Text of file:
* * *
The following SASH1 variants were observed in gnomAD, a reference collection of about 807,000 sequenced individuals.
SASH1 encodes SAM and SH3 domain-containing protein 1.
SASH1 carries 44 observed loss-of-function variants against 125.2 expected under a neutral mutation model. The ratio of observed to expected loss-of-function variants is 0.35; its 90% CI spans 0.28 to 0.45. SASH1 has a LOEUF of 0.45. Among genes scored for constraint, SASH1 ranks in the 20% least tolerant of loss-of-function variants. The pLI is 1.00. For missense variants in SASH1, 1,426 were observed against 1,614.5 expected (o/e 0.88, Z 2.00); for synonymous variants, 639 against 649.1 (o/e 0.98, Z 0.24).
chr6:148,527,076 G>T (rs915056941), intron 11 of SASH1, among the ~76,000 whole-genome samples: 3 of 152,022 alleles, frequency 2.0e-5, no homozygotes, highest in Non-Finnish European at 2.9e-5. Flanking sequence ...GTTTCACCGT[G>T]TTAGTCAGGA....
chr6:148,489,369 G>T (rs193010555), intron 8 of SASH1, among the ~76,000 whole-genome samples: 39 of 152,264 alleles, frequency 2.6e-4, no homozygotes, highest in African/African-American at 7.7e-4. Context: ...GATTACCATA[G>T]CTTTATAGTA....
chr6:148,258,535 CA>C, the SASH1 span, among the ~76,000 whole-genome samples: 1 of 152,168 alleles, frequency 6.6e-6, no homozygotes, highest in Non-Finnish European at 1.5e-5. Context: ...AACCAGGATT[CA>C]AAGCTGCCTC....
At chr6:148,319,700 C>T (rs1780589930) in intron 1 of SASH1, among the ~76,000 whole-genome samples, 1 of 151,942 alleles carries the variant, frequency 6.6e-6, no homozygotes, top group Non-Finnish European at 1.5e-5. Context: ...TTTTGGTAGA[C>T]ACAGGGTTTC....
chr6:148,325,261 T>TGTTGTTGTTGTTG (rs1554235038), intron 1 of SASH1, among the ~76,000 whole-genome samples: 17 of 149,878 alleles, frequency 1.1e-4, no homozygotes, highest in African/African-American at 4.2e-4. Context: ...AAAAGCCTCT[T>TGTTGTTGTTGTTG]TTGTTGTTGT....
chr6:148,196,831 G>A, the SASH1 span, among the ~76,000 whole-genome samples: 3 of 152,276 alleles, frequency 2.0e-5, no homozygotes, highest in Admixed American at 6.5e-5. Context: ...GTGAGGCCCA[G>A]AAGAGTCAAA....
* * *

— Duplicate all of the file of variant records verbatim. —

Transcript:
The following SASH1 variants were observed in gnomAD, a reference collection of about 807,000 sequenced individuals.
SASH1 encodes SAM and SH3 domain-containing protein 1.
SASH1 carries 44 observed loss-of-function variants against 125.2 expected under a neutral mutation model. The ratio of observed to expected loss-of-function variants is 0.35; its 90% CI spans 0.28 to 0.45. SASH1 has a LOEUF of 0.45. Among genes scored for constraint, SASH1 ranks in the 20% least tolerant of loss-of-function variants. The pLI is 1.00. For missense variants in SASH1, 1,426 were observed against 1,614.5 expected (o/e 0.88, Z 2.00); for synonymous variants, 639 against 649.1 (o/e 0.98, Z 0.24).
chr6:148,527,076 G>T (rs915056941), intron 11 of SASH1, among the ~76,000 whole-genome samples: 3 of 152,022 alleles, frequency 2.0e-5, no homozygotes, highest in Non-Finnish European at 2.9e-5. Flanking sequence ...GTTTCACCGT[G>T]TTAGTCAGGA....
chr6:148,489,369 G>T (rs193010555), intron 8 of SASH1, among the ~76,000 whole-genome samples: 39 of 152,264 alleles, frequency 2.6e-4, no homozygotes, highest in African/African-American at 7.7e-4. Context: ...GATTACCATA[G>T]CTTTATAGTA....
chr6:148,258,535 CA>C, the SASH1 span, among the ~76,000 whole-genome samples: 1 of 152,168 alleles, frequency 6.6e-6, no homozygotes, highest in Non-Finnish European at 1.5e-5. Context: ...AACCAGGATT[CA>C]AAGCTGCCTC....
At chr6:148,319,700 C>T (rs1780589930) in intron 1 of SASH1, among the ~76,000 whole-genome samples, 1 of 151,942 alleles carries the variant, frequency 6.6e-6, no homozygotes, top group Non-Finnish European at 1.5e-5. Context: ...TTTTGGTAGA[C>T]ACAGGGTTTC....
chr6:148,325,261 T>TGTTGTTGTTGTTG (rs1554235038), intron 1 of SASH1, among the ~76,000 whole-genome samples: 17 of 149,878 alleles, frequency 1.1e-4, no homozygotes, highest in African/African-American at 4.2e-4. Context: ...AAAAGCCTCT[T>TGTTGTTGTTGTTG]TTGTTGTTGT....
chr6:148,196,831 G>A, the SASH1 span, among the ~76,000 whole-genome samples: 3 of 152,276 alleles, frequency 2.0e-5, no homozygotes, highest in Admixed American at 6.5e-5. Context: ...GTGAGGCCCA[G>A]AAGAGTCAAA....